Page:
Towers Talk is a WVU podcast featuring Residence Hall Coordinators Angela Delfine-Mechler and Patrick O’Donnell. Each week, the hosts bring you an interview with different members of the WVU community to help you get adjusted to your new campus home!

Join Angela Delfine-Mechler and Patrick O'Donnell as they interview their friends from Planned Parenthood South Atlantic, Ixya Vega and Emily Womeldorff. Ixya and Emily will talk about the work they’ve done in the Morgantown community and all of the services that Planned Parenthood has to offer. Check it out here!

Transcription:

Hi, everyone. Welcome back to another episode of Towers Talk. I'm Angela. I'm Patrick. Welcome back to another week. The Towers Talk podcast is brought to you by Lyon, Bennett and Braxton Towers. Towers. You can live anywhere, but when you're here, you're home. All right, everybody. Thanks for joining us again today.

We are joined by Ixya Vega and Emily Womble, DOR of planned Parenthood, South Atlantic. Welcome Ixya and Emily. Hey, thanks for having us. So first, can you both share a bit about, more about your educational background and how you ended up working for planned Parenthood South Atlanta? Hi Alexia. I'm originally from Chicago, but I decided to come to WVU for my undergrad and I actually lived in Bennett.

So very excited to be here today. But one day I heard on campus that we had a planned Parenthood group starting up and that it was, they were going to have their first meeting. And I like, wasn't really involved my freshman year because you know, like your first year of college and you're kind of scared and nervous.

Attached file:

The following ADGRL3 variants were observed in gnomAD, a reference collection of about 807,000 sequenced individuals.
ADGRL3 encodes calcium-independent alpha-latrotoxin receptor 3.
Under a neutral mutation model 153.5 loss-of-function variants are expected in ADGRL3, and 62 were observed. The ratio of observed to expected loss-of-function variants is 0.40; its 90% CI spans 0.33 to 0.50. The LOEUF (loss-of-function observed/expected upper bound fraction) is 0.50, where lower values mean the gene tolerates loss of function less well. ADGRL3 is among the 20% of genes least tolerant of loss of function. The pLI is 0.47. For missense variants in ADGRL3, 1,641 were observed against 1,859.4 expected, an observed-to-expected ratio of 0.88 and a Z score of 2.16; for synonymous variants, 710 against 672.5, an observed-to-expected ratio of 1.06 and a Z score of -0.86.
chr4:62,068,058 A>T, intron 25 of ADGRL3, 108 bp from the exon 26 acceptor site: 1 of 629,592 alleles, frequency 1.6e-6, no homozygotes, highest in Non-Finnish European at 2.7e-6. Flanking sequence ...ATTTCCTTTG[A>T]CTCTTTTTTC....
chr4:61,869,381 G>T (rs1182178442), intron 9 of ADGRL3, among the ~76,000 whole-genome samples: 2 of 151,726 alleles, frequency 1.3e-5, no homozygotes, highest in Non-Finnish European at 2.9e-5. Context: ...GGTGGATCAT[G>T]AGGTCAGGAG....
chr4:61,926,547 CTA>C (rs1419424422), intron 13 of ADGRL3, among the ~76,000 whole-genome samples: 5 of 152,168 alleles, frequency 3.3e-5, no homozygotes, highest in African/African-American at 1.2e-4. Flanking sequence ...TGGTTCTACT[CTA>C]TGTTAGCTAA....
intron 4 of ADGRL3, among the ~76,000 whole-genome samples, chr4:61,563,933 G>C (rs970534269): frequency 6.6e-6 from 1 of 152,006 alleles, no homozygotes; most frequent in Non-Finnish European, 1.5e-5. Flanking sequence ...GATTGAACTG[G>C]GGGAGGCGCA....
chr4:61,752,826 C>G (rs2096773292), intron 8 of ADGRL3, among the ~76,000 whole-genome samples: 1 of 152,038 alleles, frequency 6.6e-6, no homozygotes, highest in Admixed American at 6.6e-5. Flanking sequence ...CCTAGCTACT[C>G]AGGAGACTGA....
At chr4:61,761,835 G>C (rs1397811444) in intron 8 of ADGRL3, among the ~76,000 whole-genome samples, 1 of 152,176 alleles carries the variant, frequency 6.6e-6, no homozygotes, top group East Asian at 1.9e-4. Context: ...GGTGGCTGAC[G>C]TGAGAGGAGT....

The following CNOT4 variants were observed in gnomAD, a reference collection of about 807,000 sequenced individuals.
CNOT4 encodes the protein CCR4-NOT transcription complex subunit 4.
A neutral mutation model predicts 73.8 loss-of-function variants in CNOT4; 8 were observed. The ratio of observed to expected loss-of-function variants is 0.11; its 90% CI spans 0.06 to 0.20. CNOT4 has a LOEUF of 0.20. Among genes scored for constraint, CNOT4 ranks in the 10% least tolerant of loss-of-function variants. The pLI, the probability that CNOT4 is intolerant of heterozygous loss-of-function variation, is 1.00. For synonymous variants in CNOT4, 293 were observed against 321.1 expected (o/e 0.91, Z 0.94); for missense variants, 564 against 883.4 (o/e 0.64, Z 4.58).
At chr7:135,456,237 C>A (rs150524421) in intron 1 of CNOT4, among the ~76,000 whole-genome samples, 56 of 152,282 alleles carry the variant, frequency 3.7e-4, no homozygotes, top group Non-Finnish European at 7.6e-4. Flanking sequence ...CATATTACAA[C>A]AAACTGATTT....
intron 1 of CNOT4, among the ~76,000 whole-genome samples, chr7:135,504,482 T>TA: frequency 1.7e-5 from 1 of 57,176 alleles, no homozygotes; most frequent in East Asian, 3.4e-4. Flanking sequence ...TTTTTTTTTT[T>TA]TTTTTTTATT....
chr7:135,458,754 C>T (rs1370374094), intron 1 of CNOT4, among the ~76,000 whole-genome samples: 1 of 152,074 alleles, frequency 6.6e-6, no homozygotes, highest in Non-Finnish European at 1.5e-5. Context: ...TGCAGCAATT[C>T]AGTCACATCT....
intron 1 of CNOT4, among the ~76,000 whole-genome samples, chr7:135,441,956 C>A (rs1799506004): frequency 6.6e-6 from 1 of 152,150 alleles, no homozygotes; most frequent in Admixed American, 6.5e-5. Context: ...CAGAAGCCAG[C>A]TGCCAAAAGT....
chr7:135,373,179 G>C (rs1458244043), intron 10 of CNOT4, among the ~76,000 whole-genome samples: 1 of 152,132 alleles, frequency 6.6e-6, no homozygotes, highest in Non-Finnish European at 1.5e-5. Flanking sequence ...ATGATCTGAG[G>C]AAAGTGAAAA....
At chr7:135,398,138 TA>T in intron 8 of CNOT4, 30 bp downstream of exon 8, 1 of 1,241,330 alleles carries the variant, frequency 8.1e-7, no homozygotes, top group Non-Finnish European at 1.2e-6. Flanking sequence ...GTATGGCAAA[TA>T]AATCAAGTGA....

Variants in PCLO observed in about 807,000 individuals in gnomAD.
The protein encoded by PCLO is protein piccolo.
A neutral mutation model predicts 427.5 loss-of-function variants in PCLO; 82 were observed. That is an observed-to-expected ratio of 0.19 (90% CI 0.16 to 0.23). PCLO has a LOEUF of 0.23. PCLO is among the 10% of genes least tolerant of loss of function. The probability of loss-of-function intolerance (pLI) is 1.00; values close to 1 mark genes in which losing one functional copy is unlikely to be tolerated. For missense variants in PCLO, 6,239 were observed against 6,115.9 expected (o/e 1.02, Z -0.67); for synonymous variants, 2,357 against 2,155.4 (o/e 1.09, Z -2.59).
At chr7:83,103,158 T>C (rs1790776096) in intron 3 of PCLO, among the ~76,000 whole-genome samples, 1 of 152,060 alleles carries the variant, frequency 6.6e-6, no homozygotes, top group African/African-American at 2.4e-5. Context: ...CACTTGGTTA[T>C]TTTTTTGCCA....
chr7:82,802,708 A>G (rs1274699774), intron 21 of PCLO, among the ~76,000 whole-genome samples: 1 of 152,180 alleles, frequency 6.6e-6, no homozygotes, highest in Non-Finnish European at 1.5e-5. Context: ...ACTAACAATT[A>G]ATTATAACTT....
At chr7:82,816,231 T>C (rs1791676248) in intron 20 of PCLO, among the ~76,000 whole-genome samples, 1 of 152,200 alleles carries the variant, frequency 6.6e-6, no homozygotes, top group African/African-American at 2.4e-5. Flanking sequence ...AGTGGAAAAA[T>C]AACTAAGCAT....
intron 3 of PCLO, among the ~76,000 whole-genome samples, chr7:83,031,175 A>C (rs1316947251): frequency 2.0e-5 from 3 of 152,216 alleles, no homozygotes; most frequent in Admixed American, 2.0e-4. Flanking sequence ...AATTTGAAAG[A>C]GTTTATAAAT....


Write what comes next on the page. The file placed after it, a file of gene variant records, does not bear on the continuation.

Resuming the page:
So I decided sophomore year that I was going to get more involved and be more intentional. So then when I heard about it, I went to the meeting and they were looking for officers and I was like, hi, I'm here. Please give me something to do because I want to go row. So eventually I ended up becoming the vice president and then later on the president and then through planned Parenthood generation action.

I met Emily and Emily was the field organizer for West Virginia at the time. And she was looking for an intern and I happened to be looking for an internship. So it worked pretty well, but I really ended up. Loving what planned Parenthood stood for and all of the stuff that it had to do with West Virginia and I'm a history, I was a history major.

So I got really into Appalachian studies and I got super involved with like Morgantown in West Virginia in general. And the fact that planned Parenthood not only has great services and I'm a patient of them too. So like, I love that for all of us. They gave me opportunities to try new things all over the country and travel all throughout West Virginia, where like, if I didn't work for planned Parenthood, I would not have seen half of the things I've seen.

So yeah, that's just a little bit of a, how I ended up Peter. And now you're in a field organizer. Oh yeah. Field organizer. It just happened to work out at the time that I was graduating in May Emily's position opened up, so I applied and I got it, so they love to hire with it, but it was super exciting.

It came full circle and I'm just super pumped to be here. Yeah. I love listening to Ixya's story of falling in love with West Virginia as a West Virginia. It warms my home. I also have a similar origin story to my like planned Parenthood journey. I grew up in Morgantown but I went to school in Shepherdstown at shepherd university.